- Surety will be free from the responsibility by giving a notice to the creditor by death of the surety
- if debtor and the creditor after entering into a contract change the contract without the consent of the surety
- when creditor discharges the debtor from the liability if the debtor and the creditor enter into a composition
- if creditor does something which diminishes the right of the surety, which reduces right of the surety
- when creditor gives more time to the debtor.
Bailment is another type of special contract. Since it is a ‘contract’, naturally all basic requirements of contract are applicable. Bailment means act of delivering goods for a specified purpose on trust. The goods are to be returned after the purpose is over. In bailment, the deliverer of the asset is the bailor and the receiver is the bailee. In a bailment transaction, ownership is never transfered and the bailor is generally not entitled to use the property while it’s in possession of the bailee.
- Gratuitous bailment – A gratuitous bailment is one in which neither the bailor nor the bailee is entitled to any remuneration
- Bailment for Reward – This is for the mutual benefit of both the bailor the bailee. Bailee gets the reward.
→ Duties of Bailee
- Duty to take reasonable care
- Duty not to make unauthorized use (Section 154)
- Right of Lien
- Not to set adverse title to goods
- To keep his goods separate from bailed
→ Duties of Bailor:
- To bear extra ordinary expenses of bailment
- To disclose all the known faults in the goods
- To indentify the bailee for any cost or costs which the bailee may incur because of the defective title of the bailor of the goods bailed
→ Things relevant to Bailment:
A. Finder of Lost Goods – the finder-of goods in a public or quasi public place is only a bailee; he keeps the article in trust for the real owner. As against everyone else, the property in the goods vests in the finder on his taking possession of it
B. General Lien – a general lien is the right retain the property of another for a general balance of accounts
C. Particular Lien – A particular lien is one which is available only against that property of which the skill and labour have been’ exercised A bailee’s lien is a particular lien.
D. Termination of Bailment – Where the bailee wrongfully uses or dispose of the goods bailed, the bailor may determine the bailment (Section 153.)
E. Carrier as Bailee – A common carrier undertakes to carry goods of all persons who are willing to pay his usual or reasonable rates.
Pledge is special kind of bailment, where delivery of goods is for purpose of security for payment of a debt or performance of a prqmise. Pledge is bailment for security. Common example is keeping gold with bank/money lender to obtain loan. Since pledge is bailment, all provisions applicable to bailment apply to pledge also. The bailment of goods as security for payment of a debt or performance of a promise is called “pledge”. The bailor is in this case called the “pawnor”. The bailee is called the “pawnee”. [Section 172],
→ Law of Agency:
An ‘Agent’ is a person employed to do any act or to represent another in dealings with third persons. The person who employs the agent and for whom such act is done, or who is so represented, is called the ‘principal’. The relation between the agent and the principal is called ‘Agency’. It is only when a person acts as a representative of the other in the creation, modification or termination of contractual obligations, between that order and third persons, that he is an agent. The essence of a contract of agency is the agent’s representative capacity coupled with a power to affect the legal relations of the principal with third persons.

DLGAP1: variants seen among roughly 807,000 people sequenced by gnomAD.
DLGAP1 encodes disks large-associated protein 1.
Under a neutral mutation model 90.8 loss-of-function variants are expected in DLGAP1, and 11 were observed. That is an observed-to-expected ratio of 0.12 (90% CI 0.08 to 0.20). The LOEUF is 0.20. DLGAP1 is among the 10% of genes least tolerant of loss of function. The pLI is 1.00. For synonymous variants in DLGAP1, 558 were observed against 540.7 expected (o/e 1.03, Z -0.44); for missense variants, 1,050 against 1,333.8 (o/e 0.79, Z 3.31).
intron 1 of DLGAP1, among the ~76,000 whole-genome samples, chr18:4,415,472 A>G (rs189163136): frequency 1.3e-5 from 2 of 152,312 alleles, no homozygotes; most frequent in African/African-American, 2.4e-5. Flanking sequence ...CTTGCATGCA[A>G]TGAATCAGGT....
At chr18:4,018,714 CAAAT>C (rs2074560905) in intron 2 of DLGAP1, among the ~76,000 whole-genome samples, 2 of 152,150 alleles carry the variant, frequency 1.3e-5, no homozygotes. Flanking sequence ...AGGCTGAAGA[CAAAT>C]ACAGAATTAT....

Important Kinds of an Agent:
- Broker: merchantile agent whose ordinary course of business is to make contract with other parties for commission
- Factors: who sell goods which are in his possession for his principal.
- Decredere Agent: receives remuneration for taking guarantee to his principal that a person who has bought on credit will pay
- Auctioneer: who sells goods by auction.
- Bankers: relationship is as of debtor and creditor
- Partners: in partnership firm every partner is agent
→ Rights, Duties and Liabilities between Principal and Agent
An agent’s primary duties are:
- act on behalf of and be subject to the control of the principal;
- act within the scope of authority or power delegated by the principal;
- discharge his/her duties with appropriate care and diligence; and
- avoid conflict between his/her personal interests
Other duties of an agent include:
- not to acquire any material benefit from a third party in connection with transactions conducted or through the use of his/her positions as an agent
- to act with the care, competence and diligence normally exercised by agents in similar circumstances
- to take action only within the scope of the his/her actual authority
- to comply with all lawful instructions received from the principal and persons designated by the principal concerning agent’s actions on behalf of the principal
- to act reasonably and to refrain from conduct that is likely to damage the principal’s enterprise
- A principal owes certain contractual duties to his/her agent.
- To compensate the agent as agreed; and ‘
- To indemnify and protect the agent against claims, liabilities and expenses incurred in discharging the duties assigned by the principal
→ Termination of agency An agency is terminated by
- the principal revoking his authority; or by the agent renouncing the business of the agency;
- by the business of the agency being completed
- by either the principal
- agent dying or becoming of unsound mind
- by the principal being adjudicated an insolvent under the provisions of any Act for the time being in force for the relief of insolvent debtors, [section 201],
- In following cases, an agency cannot be revoked
- Agency coupled with interest (section 202)
- Agent has already exercised his authority (section 203)
- Agent has incurred personal liability, section 204